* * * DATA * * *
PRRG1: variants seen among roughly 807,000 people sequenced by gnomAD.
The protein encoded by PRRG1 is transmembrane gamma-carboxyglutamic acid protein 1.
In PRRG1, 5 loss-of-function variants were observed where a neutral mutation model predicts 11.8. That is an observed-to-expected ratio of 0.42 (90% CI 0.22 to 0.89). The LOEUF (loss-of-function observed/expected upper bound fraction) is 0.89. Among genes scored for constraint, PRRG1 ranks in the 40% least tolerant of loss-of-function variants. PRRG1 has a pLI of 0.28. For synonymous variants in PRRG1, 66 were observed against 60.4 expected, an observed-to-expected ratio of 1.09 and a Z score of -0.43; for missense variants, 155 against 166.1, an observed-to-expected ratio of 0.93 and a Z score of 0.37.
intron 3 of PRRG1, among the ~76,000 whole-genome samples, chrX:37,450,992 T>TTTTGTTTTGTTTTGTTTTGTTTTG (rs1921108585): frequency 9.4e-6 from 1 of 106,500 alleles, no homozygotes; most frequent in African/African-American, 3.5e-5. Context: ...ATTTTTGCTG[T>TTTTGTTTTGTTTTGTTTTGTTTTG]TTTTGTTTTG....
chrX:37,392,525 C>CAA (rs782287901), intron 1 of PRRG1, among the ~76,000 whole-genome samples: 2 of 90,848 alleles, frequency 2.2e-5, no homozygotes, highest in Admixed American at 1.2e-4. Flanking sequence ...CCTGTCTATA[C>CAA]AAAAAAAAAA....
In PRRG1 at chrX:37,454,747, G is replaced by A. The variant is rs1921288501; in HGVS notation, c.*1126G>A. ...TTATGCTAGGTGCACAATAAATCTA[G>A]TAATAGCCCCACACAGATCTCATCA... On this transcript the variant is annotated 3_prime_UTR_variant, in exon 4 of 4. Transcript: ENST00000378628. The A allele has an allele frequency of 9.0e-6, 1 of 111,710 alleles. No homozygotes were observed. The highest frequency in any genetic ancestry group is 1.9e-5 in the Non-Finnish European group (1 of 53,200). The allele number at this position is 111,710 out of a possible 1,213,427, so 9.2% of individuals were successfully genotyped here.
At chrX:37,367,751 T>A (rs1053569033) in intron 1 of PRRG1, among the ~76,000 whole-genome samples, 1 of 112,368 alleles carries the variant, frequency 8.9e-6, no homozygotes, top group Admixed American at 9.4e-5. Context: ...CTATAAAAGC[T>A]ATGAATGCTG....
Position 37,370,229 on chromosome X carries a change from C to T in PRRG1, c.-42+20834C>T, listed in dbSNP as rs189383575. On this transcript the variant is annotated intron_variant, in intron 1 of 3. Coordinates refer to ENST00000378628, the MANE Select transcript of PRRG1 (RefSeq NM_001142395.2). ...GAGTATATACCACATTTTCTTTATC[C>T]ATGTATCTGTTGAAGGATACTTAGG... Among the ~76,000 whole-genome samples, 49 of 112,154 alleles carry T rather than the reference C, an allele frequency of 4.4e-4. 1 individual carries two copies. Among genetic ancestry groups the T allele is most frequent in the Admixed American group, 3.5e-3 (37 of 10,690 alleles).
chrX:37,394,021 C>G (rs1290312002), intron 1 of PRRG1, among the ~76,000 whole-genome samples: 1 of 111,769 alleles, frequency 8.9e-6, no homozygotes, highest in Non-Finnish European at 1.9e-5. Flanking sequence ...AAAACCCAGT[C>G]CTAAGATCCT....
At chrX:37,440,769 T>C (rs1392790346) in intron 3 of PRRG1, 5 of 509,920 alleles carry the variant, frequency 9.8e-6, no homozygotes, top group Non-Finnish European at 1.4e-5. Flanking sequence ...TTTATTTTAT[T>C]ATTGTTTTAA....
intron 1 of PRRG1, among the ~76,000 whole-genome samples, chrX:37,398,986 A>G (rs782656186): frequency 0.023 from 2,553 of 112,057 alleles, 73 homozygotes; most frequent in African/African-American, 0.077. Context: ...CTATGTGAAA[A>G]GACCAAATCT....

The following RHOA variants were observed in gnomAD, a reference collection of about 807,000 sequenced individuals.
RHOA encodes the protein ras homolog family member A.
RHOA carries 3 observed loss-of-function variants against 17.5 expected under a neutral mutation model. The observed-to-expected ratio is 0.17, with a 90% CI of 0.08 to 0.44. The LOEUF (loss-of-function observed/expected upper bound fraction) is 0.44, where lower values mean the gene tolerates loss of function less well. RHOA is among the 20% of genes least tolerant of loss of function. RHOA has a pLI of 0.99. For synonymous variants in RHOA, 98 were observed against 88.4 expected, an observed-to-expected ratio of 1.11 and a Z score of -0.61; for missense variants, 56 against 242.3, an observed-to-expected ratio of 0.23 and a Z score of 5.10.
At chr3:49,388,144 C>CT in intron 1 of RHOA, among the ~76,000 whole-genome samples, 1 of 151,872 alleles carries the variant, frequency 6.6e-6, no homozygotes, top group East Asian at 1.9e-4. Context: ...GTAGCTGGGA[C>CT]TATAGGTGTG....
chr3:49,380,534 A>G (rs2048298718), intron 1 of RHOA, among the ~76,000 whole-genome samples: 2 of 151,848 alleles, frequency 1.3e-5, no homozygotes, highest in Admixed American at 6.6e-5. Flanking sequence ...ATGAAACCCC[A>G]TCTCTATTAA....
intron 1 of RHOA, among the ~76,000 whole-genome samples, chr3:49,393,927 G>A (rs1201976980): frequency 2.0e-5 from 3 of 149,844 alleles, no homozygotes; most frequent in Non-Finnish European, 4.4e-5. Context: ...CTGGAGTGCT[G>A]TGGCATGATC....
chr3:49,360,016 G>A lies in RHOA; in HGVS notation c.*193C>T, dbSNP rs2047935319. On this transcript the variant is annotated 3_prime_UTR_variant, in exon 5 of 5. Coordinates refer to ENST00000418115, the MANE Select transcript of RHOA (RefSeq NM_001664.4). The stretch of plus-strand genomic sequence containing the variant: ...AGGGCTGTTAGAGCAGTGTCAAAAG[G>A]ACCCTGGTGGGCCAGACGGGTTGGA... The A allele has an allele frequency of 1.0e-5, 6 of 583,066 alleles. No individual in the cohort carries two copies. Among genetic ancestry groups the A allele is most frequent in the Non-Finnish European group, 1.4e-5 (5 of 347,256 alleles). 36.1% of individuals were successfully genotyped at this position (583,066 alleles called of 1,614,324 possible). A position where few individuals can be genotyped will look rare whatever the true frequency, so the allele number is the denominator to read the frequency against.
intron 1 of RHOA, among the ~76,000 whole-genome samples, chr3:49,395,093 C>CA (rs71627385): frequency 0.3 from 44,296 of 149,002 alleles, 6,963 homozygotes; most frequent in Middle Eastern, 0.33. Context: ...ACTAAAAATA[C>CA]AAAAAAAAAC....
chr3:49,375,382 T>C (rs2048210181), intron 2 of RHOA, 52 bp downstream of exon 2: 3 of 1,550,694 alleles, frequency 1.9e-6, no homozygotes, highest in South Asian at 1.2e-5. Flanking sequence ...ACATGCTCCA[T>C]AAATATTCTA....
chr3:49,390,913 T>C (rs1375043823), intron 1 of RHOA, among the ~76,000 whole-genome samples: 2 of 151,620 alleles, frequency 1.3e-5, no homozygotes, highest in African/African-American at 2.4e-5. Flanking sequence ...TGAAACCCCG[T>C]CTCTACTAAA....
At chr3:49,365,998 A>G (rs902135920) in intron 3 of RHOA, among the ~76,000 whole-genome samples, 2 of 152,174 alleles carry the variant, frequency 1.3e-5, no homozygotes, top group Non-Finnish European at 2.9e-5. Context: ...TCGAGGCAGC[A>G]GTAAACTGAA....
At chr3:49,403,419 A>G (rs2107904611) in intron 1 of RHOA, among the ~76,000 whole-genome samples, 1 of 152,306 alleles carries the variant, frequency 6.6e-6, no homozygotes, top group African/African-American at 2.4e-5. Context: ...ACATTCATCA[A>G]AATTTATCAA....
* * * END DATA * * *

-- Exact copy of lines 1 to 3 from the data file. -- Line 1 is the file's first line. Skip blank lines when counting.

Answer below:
PRRG1: variants seen among roughly 807,000 people sequenced by gnomAD.
The protein encoded by PRRG1 is transmembrane gamma-carboxyglutamic acid protein 1.
In PRRG1, 5 loss-of-function variants were observed where a neutral mutation model predicts 11.8. That is an observed-to-expected ratio of 0.42 (90% CI 0.22 to 0.89). The LOEUF (loss-of-function observed/expected upper bound fraction) is 0.89. Among genes scored for constraint, PRRG1 ranks in the 40% least tolerant of loss-of-function variants. PRRG1 has a pLI of 0.28. For synonymous variants in PRRG1, 66 were observed against 60.4 expected, an observed-to-expected ratio of 1.09 and a Z score of -0.43; for missense variants, 155 against 166.1, an observed-to-expected ratio of 0.93 and a Z score of 0.37.